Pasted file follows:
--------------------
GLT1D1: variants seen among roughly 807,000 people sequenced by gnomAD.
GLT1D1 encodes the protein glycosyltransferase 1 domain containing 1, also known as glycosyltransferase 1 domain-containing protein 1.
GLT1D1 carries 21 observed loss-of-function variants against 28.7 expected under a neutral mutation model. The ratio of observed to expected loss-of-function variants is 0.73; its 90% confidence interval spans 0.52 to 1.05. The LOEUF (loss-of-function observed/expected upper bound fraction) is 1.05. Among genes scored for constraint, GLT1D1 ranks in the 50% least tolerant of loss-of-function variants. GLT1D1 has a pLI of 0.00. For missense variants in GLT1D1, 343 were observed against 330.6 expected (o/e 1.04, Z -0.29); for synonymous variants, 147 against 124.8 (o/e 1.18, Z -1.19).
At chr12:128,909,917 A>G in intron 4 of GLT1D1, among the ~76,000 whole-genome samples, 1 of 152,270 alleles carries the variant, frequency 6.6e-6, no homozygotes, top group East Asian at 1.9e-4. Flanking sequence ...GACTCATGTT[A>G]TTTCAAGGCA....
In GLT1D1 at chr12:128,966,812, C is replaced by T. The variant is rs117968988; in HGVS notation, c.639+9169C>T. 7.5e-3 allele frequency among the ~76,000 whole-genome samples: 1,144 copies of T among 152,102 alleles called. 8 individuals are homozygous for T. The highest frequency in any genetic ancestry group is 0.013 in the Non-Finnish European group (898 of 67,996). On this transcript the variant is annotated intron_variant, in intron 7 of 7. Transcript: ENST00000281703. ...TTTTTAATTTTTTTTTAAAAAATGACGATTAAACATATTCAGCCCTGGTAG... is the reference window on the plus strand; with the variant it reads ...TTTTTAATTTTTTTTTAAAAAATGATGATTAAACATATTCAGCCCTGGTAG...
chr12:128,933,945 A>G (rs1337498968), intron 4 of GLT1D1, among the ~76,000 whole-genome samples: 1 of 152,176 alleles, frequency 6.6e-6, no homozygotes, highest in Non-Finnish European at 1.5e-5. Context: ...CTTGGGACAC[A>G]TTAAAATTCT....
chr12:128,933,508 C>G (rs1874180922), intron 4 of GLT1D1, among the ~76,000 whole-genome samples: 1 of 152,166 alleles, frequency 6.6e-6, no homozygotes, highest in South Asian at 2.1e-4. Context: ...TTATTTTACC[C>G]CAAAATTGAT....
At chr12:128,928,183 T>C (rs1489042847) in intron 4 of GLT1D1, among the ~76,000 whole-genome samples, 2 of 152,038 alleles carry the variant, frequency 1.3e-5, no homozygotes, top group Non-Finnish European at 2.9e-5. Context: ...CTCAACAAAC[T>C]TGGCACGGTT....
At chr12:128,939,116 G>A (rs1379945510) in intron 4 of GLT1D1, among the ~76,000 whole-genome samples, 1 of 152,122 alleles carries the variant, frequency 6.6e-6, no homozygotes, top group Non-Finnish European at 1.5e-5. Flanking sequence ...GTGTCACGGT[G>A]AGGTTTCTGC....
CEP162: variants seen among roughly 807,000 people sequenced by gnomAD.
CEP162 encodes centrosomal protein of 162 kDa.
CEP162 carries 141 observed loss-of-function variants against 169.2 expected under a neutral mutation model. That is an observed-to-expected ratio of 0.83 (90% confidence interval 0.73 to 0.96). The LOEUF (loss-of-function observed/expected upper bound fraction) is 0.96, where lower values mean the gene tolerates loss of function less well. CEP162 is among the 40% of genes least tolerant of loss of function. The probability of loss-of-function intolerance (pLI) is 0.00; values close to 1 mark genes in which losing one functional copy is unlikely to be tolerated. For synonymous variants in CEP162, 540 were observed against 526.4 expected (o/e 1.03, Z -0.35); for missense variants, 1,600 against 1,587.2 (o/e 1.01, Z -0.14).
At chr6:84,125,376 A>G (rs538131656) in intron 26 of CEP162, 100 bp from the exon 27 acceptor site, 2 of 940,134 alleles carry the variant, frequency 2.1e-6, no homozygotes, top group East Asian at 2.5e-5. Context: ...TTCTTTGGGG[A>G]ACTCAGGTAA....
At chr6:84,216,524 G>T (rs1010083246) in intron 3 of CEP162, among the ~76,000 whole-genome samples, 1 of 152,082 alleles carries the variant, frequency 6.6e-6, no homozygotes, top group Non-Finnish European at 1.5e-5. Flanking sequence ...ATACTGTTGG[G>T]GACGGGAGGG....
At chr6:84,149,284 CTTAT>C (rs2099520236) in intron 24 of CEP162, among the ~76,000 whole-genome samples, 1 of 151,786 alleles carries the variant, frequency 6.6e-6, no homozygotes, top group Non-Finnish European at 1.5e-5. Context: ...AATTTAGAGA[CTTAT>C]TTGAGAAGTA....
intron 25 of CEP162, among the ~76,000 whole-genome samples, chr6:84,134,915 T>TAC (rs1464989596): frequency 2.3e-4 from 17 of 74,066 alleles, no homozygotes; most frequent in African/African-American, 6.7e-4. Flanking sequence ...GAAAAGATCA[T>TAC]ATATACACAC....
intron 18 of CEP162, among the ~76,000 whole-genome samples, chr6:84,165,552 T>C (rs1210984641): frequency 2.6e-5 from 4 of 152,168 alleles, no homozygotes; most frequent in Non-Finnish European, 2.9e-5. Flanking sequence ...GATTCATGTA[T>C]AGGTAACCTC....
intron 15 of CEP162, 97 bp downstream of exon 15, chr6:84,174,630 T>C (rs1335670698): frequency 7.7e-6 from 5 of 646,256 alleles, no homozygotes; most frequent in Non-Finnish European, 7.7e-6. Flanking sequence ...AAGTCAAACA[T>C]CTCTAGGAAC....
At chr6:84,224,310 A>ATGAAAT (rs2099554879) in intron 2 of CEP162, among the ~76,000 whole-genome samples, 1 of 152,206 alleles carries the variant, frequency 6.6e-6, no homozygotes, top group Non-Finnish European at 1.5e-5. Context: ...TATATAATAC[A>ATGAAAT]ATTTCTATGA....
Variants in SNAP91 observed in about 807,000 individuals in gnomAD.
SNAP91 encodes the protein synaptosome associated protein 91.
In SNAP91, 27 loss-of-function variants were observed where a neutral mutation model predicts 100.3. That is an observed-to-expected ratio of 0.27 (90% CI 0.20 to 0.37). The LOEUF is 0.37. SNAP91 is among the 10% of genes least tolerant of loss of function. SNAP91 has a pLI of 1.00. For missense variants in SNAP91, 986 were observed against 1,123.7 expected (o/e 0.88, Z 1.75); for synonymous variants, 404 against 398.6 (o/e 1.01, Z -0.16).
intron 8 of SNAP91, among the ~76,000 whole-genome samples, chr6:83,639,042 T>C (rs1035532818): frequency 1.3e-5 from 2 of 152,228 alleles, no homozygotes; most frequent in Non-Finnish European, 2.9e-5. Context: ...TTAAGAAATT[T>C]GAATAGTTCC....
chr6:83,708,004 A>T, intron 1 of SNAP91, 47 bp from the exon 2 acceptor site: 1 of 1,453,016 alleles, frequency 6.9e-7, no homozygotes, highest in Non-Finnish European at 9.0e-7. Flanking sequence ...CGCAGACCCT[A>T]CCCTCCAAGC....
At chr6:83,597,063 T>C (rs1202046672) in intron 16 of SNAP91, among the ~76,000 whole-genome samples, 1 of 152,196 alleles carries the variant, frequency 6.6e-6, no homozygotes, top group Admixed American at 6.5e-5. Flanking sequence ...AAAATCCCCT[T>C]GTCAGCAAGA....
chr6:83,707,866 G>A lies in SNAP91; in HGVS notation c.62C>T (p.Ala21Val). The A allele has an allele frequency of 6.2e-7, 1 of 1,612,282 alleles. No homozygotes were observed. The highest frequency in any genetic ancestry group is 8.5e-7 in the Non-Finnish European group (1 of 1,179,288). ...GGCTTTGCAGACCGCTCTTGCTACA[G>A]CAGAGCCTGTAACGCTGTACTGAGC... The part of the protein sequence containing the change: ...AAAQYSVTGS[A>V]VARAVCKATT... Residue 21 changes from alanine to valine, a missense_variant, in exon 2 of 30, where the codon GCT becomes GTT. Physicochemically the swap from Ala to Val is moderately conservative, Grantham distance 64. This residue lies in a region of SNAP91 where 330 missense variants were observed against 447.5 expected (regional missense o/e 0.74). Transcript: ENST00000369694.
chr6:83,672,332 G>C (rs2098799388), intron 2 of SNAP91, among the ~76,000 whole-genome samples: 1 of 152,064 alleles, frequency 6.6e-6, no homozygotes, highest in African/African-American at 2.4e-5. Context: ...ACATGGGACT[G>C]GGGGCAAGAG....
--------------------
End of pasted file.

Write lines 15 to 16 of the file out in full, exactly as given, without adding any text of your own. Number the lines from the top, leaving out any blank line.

At chr6:84,149,284 CTTAT>C (rs2099520236) in intron 24 of CEP162, among the ~76,000 whole-genome samples, 1 of 151,786 alleles carries the variant, frequency 6.6e-6, no homozygotes, top group Non-Finnish European at 1.5e-5. Context: ...AATTTAGAGA[CTTAT>C]TTGAGAAGTA....
intron 25 of CEP162, among the ~76,000 whole-genome samples, chr6:84,134,915 T>TAC (rs1464989596): frequency 2.3e-4 from 17 of 74,066 alleles, no homozygotes; most frequent in African/African-American, 6.7e-4. Flanking sequence ...GAAAAGATCA[T>TAC]ATATACACAC....